Ebola Took Her Daughters And Made Her An Outcast
"When you say Ebola," says Amanda Ellis, "everybody will run."
Ellis is 79. She's sitting in a blue plastic chair in the dirt yard in front of her house, in a rural area outside Liberia's capital city of Monrovia. She looks worn out. She has lost five members of her family to the virus that has claimed over 1,400 lives in her homeland and in neighboring countries.
Ellis' daughter Thelmorine was the first to go. She was 58. She contracted Ebola after taking care of a friend who was infected at a hospital where both of them worked as nurses.
When Thelmorine got sick, her sister Rose came over to her house to tend to her. That's how Rose got infected.
Ellis says she was there when her daughter Rose showed the first symptoms. She points to a small, whitewashed house a few yards from her own. Rose lived there with her husband.
Rose told her mother she had stomachache. Ellis gave her warm water to drink and took her to a clinic several times.
But Rose's decline was swift. "She come into the bathroom to take a bath and just dropped," Ellis recalls.
Ellis says her daughter tried to console her as she lay dying. "Oh, my Mom, Momma, God will bless you," Rose told her.
But Ebola wasn't done with Ellis' family. It turned out Thelmorine had infected her daughter, Sharon. And Rose had infected her husband. Within days, both of them were dead, too. Another of Ellis' granddaughters, who lives in a different town, also fell ill and died.
The body of Rose's husband lay in the whitewashed house next to Ellis' for several days. Ellis ticks them off on her fingers: "Friday, Saturday, Sunday ... "
When the body collectors finally showed up, they sprayed the house with disinfectant. That was the last time anyone entered it. Ellis says it's too upsetting to go in, and sometimes she cries herself to sleep.
Ellis herself never got sick. She's long past the 21 days it takes to know if someone exposed to an Ebola patient has contracted the disease themselves. But now she's facing fear and rejection. Her neighbors want nothing to do with her.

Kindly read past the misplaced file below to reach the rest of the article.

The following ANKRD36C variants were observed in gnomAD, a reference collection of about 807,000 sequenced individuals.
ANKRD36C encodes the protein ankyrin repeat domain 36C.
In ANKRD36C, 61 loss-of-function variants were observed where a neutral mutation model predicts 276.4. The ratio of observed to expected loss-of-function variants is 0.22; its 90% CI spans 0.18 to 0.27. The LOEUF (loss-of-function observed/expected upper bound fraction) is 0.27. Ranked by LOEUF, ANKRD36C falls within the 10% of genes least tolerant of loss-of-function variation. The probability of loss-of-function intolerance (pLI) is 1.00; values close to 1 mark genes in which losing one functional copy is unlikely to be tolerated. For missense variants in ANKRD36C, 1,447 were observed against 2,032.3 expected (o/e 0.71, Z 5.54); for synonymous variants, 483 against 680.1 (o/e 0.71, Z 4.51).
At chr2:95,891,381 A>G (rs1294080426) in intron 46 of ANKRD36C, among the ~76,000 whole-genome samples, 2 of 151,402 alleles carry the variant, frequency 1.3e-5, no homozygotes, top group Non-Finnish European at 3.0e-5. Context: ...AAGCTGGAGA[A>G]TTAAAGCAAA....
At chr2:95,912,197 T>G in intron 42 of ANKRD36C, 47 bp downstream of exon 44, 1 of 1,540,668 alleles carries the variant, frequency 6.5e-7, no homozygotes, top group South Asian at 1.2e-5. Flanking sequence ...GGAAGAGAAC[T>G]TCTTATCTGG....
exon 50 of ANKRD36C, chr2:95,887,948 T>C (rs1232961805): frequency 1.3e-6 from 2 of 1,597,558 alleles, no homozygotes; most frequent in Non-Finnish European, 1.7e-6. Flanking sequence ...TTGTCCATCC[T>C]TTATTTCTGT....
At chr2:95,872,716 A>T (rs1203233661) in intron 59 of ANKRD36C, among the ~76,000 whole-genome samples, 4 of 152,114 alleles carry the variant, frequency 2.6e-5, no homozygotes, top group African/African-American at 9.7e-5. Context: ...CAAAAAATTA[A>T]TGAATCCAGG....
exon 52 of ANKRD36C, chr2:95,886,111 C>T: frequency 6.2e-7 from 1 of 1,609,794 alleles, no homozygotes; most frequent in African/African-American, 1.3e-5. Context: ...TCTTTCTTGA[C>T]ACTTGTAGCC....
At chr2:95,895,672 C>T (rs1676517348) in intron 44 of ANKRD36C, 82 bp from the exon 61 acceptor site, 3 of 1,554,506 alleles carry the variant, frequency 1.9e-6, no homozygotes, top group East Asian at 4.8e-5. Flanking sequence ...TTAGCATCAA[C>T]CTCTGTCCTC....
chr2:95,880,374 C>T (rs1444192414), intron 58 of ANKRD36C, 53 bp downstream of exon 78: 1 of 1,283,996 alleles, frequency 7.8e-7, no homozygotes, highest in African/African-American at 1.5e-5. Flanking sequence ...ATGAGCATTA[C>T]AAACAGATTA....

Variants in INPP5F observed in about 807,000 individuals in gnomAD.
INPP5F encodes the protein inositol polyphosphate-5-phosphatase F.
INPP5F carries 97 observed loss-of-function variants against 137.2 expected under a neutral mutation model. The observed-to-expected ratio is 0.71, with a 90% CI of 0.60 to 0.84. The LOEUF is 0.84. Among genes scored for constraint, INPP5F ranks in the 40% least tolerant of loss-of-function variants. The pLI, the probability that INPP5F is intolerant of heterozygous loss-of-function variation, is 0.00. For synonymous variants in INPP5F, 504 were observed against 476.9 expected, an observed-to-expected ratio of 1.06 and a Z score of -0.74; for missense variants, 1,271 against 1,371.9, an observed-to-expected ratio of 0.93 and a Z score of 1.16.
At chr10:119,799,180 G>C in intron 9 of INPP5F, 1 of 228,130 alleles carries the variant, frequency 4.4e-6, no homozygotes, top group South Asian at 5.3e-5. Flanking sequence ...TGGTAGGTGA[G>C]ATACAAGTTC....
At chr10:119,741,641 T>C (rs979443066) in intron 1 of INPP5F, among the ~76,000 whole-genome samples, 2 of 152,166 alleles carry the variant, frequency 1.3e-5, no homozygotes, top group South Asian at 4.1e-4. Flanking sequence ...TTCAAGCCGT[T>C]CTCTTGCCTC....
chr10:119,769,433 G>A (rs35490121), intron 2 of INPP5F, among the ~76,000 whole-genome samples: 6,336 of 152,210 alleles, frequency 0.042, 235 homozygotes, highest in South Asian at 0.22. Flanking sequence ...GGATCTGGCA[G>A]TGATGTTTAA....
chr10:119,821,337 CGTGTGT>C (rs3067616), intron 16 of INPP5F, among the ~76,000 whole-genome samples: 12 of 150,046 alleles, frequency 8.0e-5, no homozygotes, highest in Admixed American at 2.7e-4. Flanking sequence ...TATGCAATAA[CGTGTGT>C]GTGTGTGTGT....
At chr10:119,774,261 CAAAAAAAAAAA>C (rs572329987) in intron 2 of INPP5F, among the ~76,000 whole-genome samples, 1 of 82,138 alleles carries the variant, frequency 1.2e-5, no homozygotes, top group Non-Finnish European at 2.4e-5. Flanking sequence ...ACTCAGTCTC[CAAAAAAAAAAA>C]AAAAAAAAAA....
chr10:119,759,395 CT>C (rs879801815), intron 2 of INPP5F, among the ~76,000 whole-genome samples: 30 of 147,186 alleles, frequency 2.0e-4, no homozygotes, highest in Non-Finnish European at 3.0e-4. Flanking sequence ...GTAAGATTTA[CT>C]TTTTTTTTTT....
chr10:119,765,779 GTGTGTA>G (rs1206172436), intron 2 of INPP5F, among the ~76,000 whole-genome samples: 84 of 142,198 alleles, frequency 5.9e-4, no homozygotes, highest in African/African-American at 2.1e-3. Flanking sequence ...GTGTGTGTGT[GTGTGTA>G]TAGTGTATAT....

It started at the local market. Ellis earns her living there, selling mangoes from some trees at the edge of her yard. But when she shows up, the other sellers shoo her away. "Go! You have Ebola!" they shout.
"Everybody shun me," Ellis says.
They won't buy her mangoes. And they won't let her buy their food, either. "If they do take the money," she says, "they will stand a far distance from you and stretch their hand."
But Ellis says most painful of all is that not one person other than her surviving relatives has come to comfort her.
She has lived in this town her whole life. She knows everyone here, and everyone knows her. Yet at her hour of greatest need, the friends and neighbors she always expected to count on have deserted her.
"Now, I'm a step-child. Nobody knows me. I'm a stranger," she says.
This is the curse of Ebola. It's a disease that doesn't just strike down healthy adults in their prime and decimate entire families. It's a disease that sows a paralyzing fear through the wider population, leading otherwise kind, neighborly people to draw away from the survivors. So many family members of those who die are bereft not just of their loved ones but of their community. Utterly alone.
"They make me to feel very bad, very bad, very bad," says Amanda Ellis. "So I ask God, why I should live?"
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